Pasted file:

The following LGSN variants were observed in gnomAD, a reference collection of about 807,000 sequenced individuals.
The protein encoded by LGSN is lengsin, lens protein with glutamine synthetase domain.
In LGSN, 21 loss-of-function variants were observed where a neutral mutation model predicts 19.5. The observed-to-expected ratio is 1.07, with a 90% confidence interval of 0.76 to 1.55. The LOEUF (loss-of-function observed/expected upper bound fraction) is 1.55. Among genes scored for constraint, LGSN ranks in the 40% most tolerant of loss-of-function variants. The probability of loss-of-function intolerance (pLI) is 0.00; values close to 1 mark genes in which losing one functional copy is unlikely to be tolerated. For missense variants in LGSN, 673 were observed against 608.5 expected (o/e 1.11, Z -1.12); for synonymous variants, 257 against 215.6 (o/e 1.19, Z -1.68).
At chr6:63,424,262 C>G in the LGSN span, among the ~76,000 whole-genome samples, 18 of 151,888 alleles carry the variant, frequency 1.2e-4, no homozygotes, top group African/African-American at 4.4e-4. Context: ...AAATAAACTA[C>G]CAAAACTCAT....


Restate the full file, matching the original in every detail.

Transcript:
The following LGSN variants were observed in gnomAD, a reference collection of about 807,000 sequenced individuals.
The protein encoded by LGSN is lengsin, lens protein with glutamine synthetase domain.
In LGSN, 21 loss-of-function variants were observed where a neutral mutation model predicts 19.5. The observed-to-expected ratio is 1.07, with a 90% confidence interval of 0.76 to 1.55. The LOEUF (loss-of-function observed/expected upper bound fraction) is 1.55. Among genes scored for constraint, LGSN ranks in the 40% most tolerant of loss-of-function variants. The probability of loss-of-function intolerance (pLI) is 0.00; values close to 1 mark genes in which losing one functional copy is unlikely to be tolerated. For missense variants in LGSN, 673 were observed against 608.5 expected (o/e 1.11, Z -1.12); for synonymous variants, 257 against 215.6 (o/e 1.19, Z -1.68).
At chr6:63,424,262 C>G in the LGSN span, among the ~76,000 whole-genome samples, 18 of 151,888 alleles carry the variant, frequency 1.2e-4, no homozygotes, top group African/African-American at 4.4e-4. Context: ...AAATAAACTA[C>G]CAAAACTCAT....